If homo aestheticus seems unrecognizable in today’s modern and postmodern societies, it is so because “art” has been falsely set apart from life, while the. Homo aestheticus: where art comes from and why. User Review – Not Available – Book Verdict. This book is an expanded discussion of the views Dissanayake. Dissanayake argues that art was central to human evolutionary adaptation and that the aesthetic faculty is a basic psychological component of every human.
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Drawing on her years in Sri Lanka, Nigeria, and Papua New Guinea, she gives examples of painting, song, dance, and drama as behaviors that enable participants to grasp and reinforce what is important to their cognitive world. Reconciling Culture and Nature 5.
This entry has no external links. If I were a librarian, I would file this book under Confucianism. Science Logic and Mathematics. Account Options Sign in.
What “artists” do is an intensification and exaggeration of what “ordinary people” do, naturally and with enjoyment–as is evident in premodern societies, where artmaking is universally practiced. She even appeals to the “ontological” in another context, but then fails to see her own problem as itself a deeply ontological one, as the biological and metaphysical ontologies are simply unbridgeable.
Homo Aestheticus: Where Art Comes from and Why by Ellen Dissanayake
Amazon Advertising Find, attract, and engage customers. Amazon Drive Cloud storage from Amazon. Dissanayake marshals an eclectic hodgepodge of research, ideas, data, theories, and counter-theories to advance the simple claim that the aesthetic experience is fundamentally and innately a biological act born out of human adaptationism along the Darwinian struggle for survival.
The Evolutionary Significance of the Arts: And demonstrating this difficulty, even if unintentional, is its own rewarding reason to peruse this book.
There was a problem filtering reviews right now. She would not have needed to appeal to any and every alternative hypothesis, evidence, study, research, etc. Dissanayake argues that art was central to human evolutionary adaptation and that the aesthetic faculty is a basic psychological component of every human being. Yet, in her defense, she was a pioneer in her own field of aesthetics, and was stabbing at everything to get a foothold on a better conception of why humans make things.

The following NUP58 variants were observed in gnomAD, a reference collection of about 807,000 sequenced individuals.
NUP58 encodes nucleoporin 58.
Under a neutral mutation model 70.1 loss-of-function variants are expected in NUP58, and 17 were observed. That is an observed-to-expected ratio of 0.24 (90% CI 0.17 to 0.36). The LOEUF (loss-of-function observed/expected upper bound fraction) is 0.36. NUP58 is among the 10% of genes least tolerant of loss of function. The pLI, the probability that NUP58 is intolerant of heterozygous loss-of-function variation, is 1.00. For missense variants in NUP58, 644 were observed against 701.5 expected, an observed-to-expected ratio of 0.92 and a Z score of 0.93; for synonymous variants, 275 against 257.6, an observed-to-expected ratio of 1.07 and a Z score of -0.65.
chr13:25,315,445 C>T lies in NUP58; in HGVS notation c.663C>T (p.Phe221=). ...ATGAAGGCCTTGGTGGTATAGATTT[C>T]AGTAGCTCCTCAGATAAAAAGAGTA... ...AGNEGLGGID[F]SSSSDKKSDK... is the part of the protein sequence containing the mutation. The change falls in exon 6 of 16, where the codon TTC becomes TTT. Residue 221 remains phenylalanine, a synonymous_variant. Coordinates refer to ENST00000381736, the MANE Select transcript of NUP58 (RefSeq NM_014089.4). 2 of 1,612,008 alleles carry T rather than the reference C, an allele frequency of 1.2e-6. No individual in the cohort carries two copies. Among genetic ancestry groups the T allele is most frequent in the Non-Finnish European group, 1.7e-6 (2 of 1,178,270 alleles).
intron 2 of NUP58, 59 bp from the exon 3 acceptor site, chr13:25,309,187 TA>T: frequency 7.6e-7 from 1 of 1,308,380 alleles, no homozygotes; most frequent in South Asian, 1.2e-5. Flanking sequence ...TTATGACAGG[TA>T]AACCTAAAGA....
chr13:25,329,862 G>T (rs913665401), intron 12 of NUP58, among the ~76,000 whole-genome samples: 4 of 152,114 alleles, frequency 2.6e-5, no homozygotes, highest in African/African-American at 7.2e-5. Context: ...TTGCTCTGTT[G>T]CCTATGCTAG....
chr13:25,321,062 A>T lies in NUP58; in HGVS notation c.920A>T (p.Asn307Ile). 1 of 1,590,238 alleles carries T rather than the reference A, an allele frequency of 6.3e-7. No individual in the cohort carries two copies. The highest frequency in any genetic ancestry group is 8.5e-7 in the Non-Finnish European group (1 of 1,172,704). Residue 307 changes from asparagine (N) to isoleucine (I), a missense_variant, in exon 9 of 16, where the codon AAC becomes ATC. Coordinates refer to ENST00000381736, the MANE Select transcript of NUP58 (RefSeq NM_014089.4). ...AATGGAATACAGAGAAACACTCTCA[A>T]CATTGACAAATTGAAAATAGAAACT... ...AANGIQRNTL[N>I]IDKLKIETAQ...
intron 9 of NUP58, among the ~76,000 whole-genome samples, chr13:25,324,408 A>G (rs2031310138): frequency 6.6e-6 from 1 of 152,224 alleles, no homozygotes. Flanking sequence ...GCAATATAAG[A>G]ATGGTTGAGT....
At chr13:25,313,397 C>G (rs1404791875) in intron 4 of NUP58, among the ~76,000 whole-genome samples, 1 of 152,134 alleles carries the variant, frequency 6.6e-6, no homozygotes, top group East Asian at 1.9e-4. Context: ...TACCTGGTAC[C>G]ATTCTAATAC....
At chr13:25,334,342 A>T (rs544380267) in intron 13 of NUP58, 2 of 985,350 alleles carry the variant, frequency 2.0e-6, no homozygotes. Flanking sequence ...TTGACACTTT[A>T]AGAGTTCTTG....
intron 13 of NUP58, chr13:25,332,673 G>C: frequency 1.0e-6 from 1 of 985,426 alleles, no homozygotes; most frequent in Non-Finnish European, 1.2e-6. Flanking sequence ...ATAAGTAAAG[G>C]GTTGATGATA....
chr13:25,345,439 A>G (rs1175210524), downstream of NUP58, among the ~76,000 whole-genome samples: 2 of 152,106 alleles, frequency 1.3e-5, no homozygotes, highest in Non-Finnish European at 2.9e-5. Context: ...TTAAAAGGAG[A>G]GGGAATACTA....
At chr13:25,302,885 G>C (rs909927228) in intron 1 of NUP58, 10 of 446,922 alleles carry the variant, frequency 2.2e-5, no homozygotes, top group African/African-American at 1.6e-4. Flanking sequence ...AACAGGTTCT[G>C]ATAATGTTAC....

Jul 08, Michael rated it really liked it.
Her ideas also have relevance to contemporary art and social theory and will be of interest to ocmes who care strongly about the arts and their plac Publishers Weekly Homo Aestheticus offers a wealth of original and critical thinking.
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Homo Aestheticus: Where Art Comes from and Why
If you’re reading this, you’re interested in art, either in making it or in experiencing it or both. Top Reviews Aetheticus recent Top Reviews.
Amazon Music Stream millions of songs. Tradition of “aesthetics” as the legacy of European Idealism while also appealing to more primitive understandings of “art. Product details Paperback Publisher: Explore the Home Gift Guide. And yet, two primary resources she either does not know, or she choose to ignore, could have simplified her project immensely.
Josh rated it really liked it Feb 11, Setup an account with your affiliations in order to access resources via your University’s proxy server Configure custom proxy use this if your affiliation does not provide a proxy. It will inform and irritate specialist, student, and lay reader alike.
Drawing on her years in Sri Lanka, Nigeria, and Papua New Guinea, she gives examples of painting, song, dance, and drama as behaviors that enable participants to grasp and reinforce what is important to their cognitive world. Okay, it might sound boring, but I love this stuff. It will inform and irritate specialist, student, and lay reader alike.
University of Washington Press. Describing visual display, poetic language, song and dance, music, and dramatic performance as ways by which humans have universally, necessarily, and immemorially shaped and enhanced the things they care about, Dissanayake shows that aesthetic perception is not something that we learn or acquire for its own sake but is inherent in the reconciliation of culture and nature that has marked our evolution as humans.
Ellen Dissanayake, Homo Aestheticus Where Art Comes From and Why – PhilPapers
Amazon Drive Cloud storage from Amazon. If homo aestheticus seems unrecognizable in today’s modern and postmodern societies, it is so because “art” has been falsely set apart from life, while the reductive imperatives of an acquisitive and efficiency-oriented culture require us to ignore or devalue the aesthetic part of our nature. But, if you would like to know about the profound survival value in “making special”, this is fascinating.